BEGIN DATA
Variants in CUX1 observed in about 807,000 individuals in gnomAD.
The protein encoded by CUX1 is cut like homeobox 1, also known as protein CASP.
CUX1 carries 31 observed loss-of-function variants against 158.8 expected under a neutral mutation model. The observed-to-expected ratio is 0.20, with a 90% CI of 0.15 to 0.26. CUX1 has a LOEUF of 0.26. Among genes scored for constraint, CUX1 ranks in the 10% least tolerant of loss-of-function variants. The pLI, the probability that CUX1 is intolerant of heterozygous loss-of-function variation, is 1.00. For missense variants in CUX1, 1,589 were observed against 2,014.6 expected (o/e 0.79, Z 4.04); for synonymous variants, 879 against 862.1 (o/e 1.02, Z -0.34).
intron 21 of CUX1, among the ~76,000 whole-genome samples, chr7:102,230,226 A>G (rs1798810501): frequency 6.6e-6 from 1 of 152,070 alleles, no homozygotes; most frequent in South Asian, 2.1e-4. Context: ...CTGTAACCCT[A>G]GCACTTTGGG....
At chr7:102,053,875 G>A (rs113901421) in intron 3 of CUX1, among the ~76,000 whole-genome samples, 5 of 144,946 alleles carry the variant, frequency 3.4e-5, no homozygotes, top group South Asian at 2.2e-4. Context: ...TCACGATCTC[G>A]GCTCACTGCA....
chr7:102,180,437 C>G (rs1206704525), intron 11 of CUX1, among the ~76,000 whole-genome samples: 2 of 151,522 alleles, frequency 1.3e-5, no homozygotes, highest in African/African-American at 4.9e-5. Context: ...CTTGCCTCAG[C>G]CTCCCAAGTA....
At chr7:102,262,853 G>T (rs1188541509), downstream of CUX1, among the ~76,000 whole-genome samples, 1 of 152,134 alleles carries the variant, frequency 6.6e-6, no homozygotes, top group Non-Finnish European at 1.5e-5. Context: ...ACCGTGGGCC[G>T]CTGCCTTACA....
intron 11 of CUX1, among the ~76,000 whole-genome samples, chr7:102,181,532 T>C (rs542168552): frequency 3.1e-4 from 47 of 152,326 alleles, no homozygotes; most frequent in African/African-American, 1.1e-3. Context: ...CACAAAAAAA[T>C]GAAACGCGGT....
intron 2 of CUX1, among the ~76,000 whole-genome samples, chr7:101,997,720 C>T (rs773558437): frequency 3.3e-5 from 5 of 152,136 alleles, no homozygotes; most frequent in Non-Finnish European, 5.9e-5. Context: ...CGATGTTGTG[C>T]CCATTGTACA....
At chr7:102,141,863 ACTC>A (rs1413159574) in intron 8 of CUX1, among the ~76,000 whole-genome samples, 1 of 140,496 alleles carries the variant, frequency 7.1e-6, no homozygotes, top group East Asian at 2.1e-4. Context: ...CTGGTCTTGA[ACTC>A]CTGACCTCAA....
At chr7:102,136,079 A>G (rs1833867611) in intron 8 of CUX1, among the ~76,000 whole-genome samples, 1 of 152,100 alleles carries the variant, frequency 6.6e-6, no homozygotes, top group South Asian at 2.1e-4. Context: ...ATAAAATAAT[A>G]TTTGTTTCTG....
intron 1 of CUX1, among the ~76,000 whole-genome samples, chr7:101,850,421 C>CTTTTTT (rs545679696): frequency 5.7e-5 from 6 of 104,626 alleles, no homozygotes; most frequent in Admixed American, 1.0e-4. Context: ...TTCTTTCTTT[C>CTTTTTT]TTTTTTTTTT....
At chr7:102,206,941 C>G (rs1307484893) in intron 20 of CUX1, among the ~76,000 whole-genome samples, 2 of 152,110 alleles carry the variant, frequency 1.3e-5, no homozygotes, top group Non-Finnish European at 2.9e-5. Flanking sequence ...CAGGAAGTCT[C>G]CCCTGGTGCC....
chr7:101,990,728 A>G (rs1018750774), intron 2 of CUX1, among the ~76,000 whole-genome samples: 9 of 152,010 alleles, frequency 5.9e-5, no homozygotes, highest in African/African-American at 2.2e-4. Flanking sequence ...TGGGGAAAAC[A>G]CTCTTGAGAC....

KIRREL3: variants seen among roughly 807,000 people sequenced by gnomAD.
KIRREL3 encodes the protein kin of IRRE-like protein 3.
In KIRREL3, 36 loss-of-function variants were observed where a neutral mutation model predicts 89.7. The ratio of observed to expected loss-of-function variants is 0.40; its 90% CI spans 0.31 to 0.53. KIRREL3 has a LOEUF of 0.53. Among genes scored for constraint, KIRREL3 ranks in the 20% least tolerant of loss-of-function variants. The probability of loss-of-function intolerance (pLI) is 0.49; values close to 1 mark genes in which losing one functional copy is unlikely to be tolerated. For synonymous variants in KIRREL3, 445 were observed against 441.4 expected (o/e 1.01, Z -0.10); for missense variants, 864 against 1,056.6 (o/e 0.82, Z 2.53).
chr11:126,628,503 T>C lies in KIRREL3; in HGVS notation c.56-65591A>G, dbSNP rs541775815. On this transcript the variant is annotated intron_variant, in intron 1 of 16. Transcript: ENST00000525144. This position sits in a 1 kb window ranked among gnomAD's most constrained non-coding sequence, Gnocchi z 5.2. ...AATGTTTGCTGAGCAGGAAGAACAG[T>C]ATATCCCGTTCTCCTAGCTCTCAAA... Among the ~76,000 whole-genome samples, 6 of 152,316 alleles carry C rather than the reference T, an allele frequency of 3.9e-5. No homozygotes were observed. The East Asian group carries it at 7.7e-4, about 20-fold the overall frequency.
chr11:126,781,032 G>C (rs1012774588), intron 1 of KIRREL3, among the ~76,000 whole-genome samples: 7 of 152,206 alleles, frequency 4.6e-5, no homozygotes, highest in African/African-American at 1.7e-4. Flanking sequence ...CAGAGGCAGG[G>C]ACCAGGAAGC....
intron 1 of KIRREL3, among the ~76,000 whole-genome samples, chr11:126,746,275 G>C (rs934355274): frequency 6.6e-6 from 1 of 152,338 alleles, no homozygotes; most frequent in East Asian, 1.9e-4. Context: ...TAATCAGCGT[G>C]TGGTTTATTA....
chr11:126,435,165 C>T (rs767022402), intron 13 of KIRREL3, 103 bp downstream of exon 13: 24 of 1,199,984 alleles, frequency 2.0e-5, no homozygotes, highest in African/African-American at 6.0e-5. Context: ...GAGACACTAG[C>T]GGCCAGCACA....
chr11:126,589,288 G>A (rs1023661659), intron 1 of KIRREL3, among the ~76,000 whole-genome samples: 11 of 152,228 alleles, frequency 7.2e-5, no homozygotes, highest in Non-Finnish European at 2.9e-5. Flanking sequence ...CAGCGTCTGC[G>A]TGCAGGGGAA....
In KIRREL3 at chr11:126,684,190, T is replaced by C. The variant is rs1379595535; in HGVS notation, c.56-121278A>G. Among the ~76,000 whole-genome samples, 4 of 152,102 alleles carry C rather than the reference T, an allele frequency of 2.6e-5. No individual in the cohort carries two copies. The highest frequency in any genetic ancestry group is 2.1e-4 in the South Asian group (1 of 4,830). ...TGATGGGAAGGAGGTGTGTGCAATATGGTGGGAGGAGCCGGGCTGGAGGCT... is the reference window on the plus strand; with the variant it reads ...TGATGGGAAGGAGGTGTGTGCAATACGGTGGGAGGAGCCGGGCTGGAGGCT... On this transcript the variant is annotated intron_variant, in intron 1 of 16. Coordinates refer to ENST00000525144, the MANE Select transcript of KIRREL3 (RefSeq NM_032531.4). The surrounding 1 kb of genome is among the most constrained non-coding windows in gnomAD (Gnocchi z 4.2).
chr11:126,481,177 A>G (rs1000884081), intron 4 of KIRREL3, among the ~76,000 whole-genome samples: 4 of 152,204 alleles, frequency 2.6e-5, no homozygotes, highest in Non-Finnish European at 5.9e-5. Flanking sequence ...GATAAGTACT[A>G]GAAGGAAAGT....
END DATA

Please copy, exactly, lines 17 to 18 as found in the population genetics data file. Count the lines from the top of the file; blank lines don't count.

In KIRREL3, 36 loss-of-function variants were observed where a neutral mutation model predicts 89.7. The ratio of observed to expected loss-of-function variants is 0.40; its 90% CI spans 0.31 to 0.53. KIRREL3 has a LOEUF of 0.53. Among genes scored for constraint, KIRREL3 ranks in the 20% least tolerant of loss-of-function variants. The probability of loss-of-function intolerance (pLI) is 0.49; values close to 1 mark genes in which losing one functional copy is unlikely to be tolerated. For synonymous variants in KIRREL3, 445 were observed against 441.4 expected (o/e 1.01, Z -0.10); for missense variants, 864 against 1,056.6 (o/e 0.82, Z 2.53).
chr11:126,628,503 T>C lies in KIRREL3; in HGVS notation c.56-65591A>G, dbSNP rs541775815. On this transcript the variant is annotated intron_variant, in intron 1 of 16. Transcript: ENST00000525144. This position sits in a 1 kb window ranked among gnomAD's most constrained non-coding sequence, Gnocchi z 5.2. ...AATGTTTGCTGAGCAGGAAGAACAG[T>C]ATATCCCGTTCTCCTAGCTCTCAAA... Among the ~76,000 whole-genome samples, 6 of 152,316 alleles carry C rather than the reference T, an allele frequency of 3.9e-5. No homozygotes were observed. The East Asian group carries it at 7.7e-4, about 20-fold the overall frequency.